I’ve never doubted that leaving my job in the prison was the right choice, even though it meant leaving England too. I had dinner with a friend last night and he asked me what it was about that country I loved so much and as many times as I’ve been asked that question, I’ve never been able to answer. I have no words for it, but it was there in every breath I took, every rainy day, every blade of grass and overgrown ivy and thatched roof and winding one lane road. It was the only place I never felt like a stranger even when I didn’t know a single person.
Even when I was scared and so darkly, deeply unhappy, I felt at home there. Even after five years, it still strikes me as incredibly unfair that everything I loved about that place and everything that was wrong were so entwined that I had to give up one in order to escape the other.
It’s impossible for me to think of the last time I left the prison without remembering the first time I went in. That first day was in April 2006, and I was there to interview for the position of Library Manager. I set my bag in a tub on a conveyer belt that fed into an x-ray machine, and I stepped through metal detectors. I stood with my arms out while a woman in a uniform ran her hands down my sides, around my back, across my stomach and down my legs. I stiffened and she told me if I got the job this routine would eventually feel normal. She was right, but getting used something isn’t the same as being comfortable.
After passing through a set of double sliding doors, I was met by an officer who worked in the library. He gave me a tour of the prison, and because it was lunchtime and the inmates were locked up, he took me everywhere -- through the workshops, the healthcare center, onto one of the wings. He even locked me in an empty cell in the segregation unit because I had arrived so early for the interview, he didn’t know what else to do with me. He was patient and answered all my questions, and when I told him I was used to criminals because my dad was a lawyer, he didn’t shake his head or call me naive. After I got the job, he would often do both of those things.
I don’t remember going in the last time, but I remember every step I took on the way out. I remember looking at the clock. And then Jane, the officer I hired to work in the library after the first one transferred, said “Let’s go let’s go let’s go.” She wanted me out fast -- too fast to think and get emotional and cause a scene because there was no crying in the library. That’s a rule I broke only twice in the four years I was there, both times early on, before I found other unhealthier ways to cope.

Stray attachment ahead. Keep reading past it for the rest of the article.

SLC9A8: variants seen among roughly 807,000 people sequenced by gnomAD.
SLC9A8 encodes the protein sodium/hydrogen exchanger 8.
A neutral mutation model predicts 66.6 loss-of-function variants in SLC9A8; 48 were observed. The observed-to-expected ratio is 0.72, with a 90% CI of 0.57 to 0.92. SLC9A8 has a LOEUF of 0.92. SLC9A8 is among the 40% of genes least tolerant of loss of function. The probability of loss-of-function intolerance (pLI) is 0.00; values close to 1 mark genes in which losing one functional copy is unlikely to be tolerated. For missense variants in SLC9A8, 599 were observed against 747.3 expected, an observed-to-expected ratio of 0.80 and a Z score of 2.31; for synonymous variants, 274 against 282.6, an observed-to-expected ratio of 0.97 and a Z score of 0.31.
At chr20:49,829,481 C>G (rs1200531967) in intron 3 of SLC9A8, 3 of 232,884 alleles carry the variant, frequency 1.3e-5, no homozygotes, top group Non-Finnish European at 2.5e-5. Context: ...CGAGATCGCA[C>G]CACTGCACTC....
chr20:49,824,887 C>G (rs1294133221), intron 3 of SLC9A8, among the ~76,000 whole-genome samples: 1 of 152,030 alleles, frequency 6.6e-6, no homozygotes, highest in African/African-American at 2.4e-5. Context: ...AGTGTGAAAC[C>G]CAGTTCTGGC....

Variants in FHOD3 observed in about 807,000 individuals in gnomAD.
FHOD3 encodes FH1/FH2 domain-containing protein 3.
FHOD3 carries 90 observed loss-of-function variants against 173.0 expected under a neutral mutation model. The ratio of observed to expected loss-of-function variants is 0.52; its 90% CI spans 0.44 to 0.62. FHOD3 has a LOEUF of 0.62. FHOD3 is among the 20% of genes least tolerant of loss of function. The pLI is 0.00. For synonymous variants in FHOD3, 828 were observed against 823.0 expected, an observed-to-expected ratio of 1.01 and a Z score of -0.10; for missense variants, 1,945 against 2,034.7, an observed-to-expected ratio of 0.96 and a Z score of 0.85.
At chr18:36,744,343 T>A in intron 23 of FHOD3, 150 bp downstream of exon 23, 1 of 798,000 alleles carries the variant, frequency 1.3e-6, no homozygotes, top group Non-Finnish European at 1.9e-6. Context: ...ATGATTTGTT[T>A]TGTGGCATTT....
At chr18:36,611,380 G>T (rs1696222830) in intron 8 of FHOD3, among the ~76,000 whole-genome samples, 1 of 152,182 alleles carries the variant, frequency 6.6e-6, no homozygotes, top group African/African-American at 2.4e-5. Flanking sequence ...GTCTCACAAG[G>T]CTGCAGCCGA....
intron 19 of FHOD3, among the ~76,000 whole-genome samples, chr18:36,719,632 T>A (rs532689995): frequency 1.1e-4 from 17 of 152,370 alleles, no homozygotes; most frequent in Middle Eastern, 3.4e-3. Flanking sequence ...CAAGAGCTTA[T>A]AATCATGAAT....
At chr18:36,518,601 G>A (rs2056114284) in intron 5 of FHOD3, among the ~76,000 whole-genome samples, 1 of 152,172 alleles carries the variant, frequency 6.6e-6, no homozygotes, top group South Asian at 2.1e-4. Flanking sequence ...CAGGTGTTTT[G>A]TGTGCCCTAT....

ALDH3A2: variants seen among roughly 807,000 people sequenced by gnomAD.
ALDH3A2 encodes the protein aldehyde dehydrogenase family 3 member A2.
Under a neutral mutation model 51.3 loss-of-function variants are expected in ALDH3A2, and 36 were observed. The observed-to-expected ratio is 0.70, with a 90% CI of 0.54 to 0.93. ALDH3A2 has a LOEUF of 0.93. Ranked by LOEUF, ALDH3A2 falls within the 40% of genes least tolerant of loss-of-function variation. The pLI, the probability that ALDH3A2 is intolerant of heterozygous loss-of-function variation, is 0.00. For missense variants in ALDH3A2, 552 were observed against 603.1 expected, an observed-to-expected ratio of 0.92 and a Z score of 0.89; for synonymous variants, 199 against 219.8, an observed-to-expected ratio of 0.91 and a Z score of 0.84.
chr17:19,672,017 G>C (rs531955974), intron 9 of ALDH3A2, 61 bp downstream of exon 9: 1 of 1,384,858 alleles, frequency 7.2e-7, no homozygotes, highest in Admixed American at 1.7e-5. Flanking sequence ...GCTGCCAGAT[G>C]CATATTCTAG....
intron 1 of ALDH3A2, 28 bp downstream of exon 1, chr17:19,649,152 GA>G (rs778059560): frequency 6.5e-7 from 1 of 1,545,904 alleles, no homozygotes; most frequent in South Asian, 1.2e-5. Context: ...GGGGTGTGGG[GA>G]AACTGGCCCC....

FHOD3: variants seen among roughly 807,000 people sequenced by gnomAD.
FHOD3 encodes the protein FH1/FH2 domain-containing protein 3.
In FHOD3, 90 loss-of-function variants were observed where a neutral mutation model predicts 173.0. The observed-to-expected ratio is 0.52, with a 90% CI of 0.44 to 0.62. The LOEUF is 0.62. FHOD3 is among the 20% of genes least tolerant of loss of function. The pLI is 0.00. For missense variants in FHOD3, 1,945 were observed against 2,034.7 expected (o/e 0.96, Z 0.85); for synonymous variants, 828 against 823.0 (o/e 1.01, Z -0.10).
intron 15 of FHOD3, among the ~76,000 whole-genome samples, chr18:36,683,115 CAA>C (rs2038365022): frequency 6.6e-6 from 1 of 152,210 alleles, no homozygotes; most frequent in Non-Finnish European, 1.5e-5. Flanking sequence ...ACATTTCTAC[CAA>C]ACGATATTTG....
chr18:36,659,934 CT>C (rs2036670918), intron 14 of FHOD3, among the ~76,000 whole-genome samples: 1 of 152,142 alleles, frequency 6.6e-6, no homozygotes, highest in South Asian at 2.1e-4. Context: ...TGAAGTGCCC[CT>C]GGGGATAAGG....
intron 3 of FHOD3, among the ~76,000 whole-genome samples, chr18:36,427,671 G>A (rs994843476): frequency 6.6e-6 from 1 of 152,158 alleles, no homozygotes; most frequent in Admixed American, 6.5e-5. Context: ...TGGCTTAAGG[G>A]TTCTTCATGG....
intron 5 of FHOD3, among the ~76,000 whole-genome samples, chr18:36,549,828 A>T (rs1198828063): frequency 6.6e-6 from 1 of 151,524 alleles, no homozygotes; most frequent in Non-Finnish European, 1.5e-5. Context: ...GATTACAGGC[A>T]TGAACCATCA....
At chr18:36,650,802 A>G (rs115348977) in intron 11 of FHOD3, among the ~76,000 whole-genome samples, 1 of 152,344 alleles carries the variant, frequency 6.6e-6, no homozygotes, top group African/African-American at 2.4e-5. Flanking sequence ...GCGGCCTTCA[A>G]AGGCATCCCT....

“This is it, then,” I said to Jane. I gathered my stuff and we locked the door to the library. I looked back through the unbreakable wired glass one last time, at the shelves I had picked out from a catalog, and the books and music CDs and DVDs I filled them with, and the light matte blue I’d painted the walls.
When we reached what is known as the sterile area (where the prisoners were not allowed), I paused and said, “Wait. Am I supposed to turn in my ID?” I wish I hadn’t asked that question. I could have taken it with me. What would they have done? I was leaving the country; they wouldn’t have been able to find me. But I said it, so we detoured into the Security Office and I handed in the badge with my picture on it, taken the first week I worked there, when my hair was so short it barely reached my chin.
In the gatehouse, I dropped my keys through a chute, and bent down to speak through the opening. “I’m not coming back,” I said so that the officer on the other side of the thick glass window wouldn’t exchange them for a metal disc imprinted with a corresponding key number, which is what would have happened on any other day.
Five years ago today, I walked out of the prison for the last time. I checked my journals from 2010 but I didn’t write that day. The nearest entry is almost a month earlier, after I’d made the decision to leave, but before I understood what I was giving up. I was unhappy. I’d been unhappy for a long time. My happiness (or lack thereof) is not usually a factor in my writing, but most of my last year there went unrecorded. I’m sorry about that now, but the gaps between entries have as much meaning as the pages I filled before and after. The lost time reminds me that leaving was the right choice.
But even though I didn’t write about that, I remember.
The first set of doors slid open and Jane put her hand on my back to push me through. “Let’s go let’s go let’s go” she said again. I walked through the second sliding doors into the lobby, and then finally through the front door. I thought about the first time again. Looking up, the twenty-foot walls surrounding the prison seemed to extend forever in each direction.
I wanted to take a moment, but I didn’t know what to do with it.
So I just kept going.